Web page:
Ethical requirements are potential threats to the Clinic because any violation may lead to negative consequences. For instance, the increased use of electronic records requires ethical considerations to protect the privacy of clients. However, such activities as hacking can threaten the organization by exposing sensitive information to unauthorized personnel.

Fulfilling environmental sustainability requirements can create a positive image for Cleveland Clinic, which can attract donors. Since the Clinic is a non-profit entity, it strongly depends on well-wishers. Therefore, it is an opportunity for the organization. However, the scarcity of money due to planning problems may hinder the exploitation of this chance.

Technological changes and forces represent opportunities for Cleveland Clinic because it is the current leader in the medical technologies. It can leverage its expertise in order to develop a cutting-edge technology, which can become its competitive advantage.

Social changes include such aspects as the lifestyle (Yuxiang & Qinghua, 2014). These changes have resulted in the lifestyle diseases. For Cleveland Clinic, such changes are opportunities to provide its excellent quality services and treatments and make a difference in people’s lives.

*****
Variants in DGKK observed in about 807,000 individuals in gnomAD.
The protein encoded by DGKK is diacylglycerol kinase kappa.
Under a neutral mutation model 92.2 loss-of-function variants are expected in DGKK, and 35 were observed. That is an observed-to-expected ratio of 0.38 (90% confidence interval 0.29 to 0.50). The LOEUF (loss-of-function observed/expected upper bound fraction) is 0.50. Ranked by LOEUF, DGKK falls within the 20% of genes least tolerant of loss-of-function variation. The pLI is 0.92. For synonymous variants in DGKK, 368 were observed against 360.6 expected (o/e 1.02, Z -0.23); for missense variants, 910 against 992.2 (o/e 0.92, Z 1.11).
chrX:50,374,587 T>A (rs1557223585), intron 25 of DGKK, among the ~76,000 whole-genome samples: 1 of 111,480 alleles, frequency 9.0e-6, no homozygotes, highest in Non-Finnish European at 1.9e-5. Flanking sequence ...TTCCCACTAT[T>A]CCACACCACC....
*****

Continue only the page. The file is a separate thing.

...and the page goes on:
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Evaluating the SWOT Analysis

According to the SWOT analysis, Cleveland Clinic can gain a competitive advantage by making minor changes in its planning process. The organization’s ability to achieve competitiveness results from the opportunities available in the market and the nature of threats that are facing it. The main obstacle towards achieving a competitive advantage is the Clinic’s inability to address the competition in the market and the substitute products. Competitors have identified a quality gap in Cleveland Clinic’s services caused by the differences in the care of its online and in-house clients. Most market competitors offer specialized care, which makes delivery of the quality care easy. Although Cleveland serves people from different market segments, it can leverage its institutes’ settings in order to ensure that the quality of care is at par with that of competitors. Such a move can reduce the negative effects of competition and the substitutes they offer in the market.